Cycling 3,200 kilometers of the Scandinavian Peninsula as part of a new TV series, now on Amazon Prime, was the ultimate slow travel adventure for travel writer Simon Parker. He shares why he loves to explore the world at a more relaxed pace.
Invasive crabs in the Arctic Ocean, beer made from algae, endangered Nordic brown bees … These were just a few of the encounters that filmmaker and travel writer Simon Parker had on his six-week, slow bike ride through Scandinavia, from the Arctic to the bottom of Sweden, where he camped in the wild, met local people, witnessed animal migrations, tracked moose and beavers, and fuelled up on seasonal food.
This epic trip was filmed for the first series of a new TV show called Earth Cycle. “The premise is to promote ‘green’ principles and slow journalism,” says Parker, “while championing the joys of long-distance cycling adventures through the wilderness.”
In a world powered by 24-hour news, and ‘doing it for the ‘gram’, it feels like it’s never been more important to just slow down.
The idea for Earth Cycle came about in 2016 after Parker sailed and cycled 24,000 kilometers in 133 days from China to London for the BBC and Telegraph. “Anyone who’s undertaken grand overland journeys will know that moving that far, that slowly, allows you to appreciate the planet at a refreshingly relaxed pace,” he says. “It’s so different to buzzing around the world in a plane or car.”
However, the eureka moment came while cycling across the USA. “I happened to be in Ohio exactly when a species of cicada emerged after 17 years dormant in the ground. That experience became a dispatch for BBC’s From Our Own Correspondent.”
It was from this slow travel experience that the premise for Earth Cycle was born. “I could appreciate our planet from the perspective of a bicycle saddle,” says Parker, “and document the seasonal cycles of the natural world around me. It’s amazing what you see when you’re moving at 10mph!”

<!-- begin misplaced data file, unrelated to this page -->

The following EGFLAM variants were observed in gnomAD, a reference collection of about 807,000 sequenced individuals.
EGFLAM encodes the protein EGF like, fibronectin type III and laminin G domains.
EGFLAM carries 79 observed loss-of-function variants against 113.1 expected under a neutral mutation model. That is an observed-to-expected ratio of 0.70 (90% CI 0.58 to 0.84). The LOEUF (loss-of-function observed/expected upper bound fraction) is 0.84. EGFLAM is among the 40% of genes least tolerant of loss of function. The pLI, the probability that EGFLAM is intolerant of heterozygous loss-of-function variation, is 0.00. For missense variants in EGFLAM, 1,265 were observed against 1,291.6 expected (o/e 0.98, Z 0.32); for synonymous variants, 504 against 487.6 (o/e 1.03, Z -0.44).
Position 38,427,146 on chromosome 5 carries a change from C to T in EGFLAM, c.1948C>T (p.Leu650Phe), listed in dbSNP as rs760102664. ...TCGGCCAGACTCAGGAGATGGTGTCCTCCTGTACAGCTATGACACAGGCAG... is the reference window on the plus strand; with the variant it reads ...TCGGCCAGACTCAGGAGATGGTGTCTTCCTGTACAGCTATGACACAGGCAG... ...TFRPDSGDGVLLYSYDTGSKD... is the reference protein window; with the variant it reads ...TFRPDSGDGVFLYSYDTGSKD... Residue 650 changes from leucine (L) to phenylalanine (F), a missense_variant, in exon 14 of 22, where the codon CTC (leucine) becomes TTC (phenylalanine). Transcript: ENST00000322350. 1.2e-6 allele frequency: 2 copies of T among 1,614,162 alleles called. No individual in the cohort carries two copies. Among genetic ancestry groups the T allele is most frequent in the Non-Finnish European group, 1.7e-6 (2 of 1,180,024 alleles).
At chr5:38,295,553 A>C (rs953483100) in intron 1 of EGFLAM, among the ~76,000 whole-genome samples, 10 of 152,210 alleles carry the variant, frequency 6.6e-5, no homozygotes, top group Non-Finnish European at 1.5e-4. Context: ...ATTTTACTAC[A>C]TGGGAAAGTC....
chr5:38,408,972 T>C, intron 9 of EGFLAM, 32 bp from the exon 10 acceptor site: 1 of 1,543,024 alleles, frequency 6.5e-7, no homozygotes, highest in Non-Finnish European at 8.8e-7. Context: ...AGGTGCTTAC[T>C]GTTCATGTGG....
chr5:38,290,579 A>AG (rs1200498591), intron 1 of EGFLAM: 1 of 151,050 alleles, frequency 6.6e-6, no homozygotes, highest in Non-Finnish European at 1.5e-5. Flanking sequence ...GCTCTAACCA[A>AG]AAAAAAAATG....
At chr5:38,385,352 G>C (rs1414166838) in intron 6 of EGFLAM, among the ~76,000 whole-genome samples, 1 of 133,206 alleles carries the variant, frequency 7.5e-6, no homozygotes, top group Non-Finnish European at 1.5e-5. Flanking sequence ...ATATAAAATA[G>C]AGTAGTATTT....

With so many corners of the globe to choose from, why Scandinavia for the first series? “It’s a bikepacker’s dream,” says Parker. “It’s wild, vast, and the relaxed attitude to wild camping in Norway and Sweden ties into the ‘feel’ we wanted to create—cycling and camping in the wild without any boundaries.”
“Being connected with, and protecting, the great outdoors is engrained in the Scandi-psyche … They recognize a cohesion between every living thing on the planet and our place within that as humans.”
“I also like big overland trips that have geographically connected start and end points,” he adds. “2,000 miles from north to south is a great way of seeing subtle shifts in climate, agriculture and wildlife—all things that you tune into on a bike.”
Taking in his surroundings, rather than simply passing through, is what generated many of the stories Parker encountered, many of which highlight some of our environmental realities.
“The idea for Earth Cycle is to share my passion for massive overland cycling expeditions, but also shine a light on important, interesting and surprising environmental issues,” says Parker.
Throughout the series, he meets people living life differently, such as artists in Tromsø making beer from algae, the Stockholm sales manager who left city life to live more sustainably, and people living off seasonal mushrooms and invasive king crabs. “These stories matter because in a tiny way, these people are trying to think outside the box,” he says.
It’s these personal stories that make Earth Cycle a compelling watch, but the series also shows the positive forces in play in our world. One segment shows the salmon migration and a mill worker moving the salmon to help them move upstream—because the mill is in their way…
“Yes, that was an amazing story,” says Parker. “That mill has been there for almost 200 years, but the salmon still try and move upstream on their annual migration! So every year, they have to lift them to the other side with a makeshift salmon ‘elevator’. We kept finding stories like this—Sweden especially is a place where most people live either directly within, or on the fringes of nature.”
And at a time when we’re becoming increasingly computerized and digitized, re-enforcing a connection to nature can only be a good thing.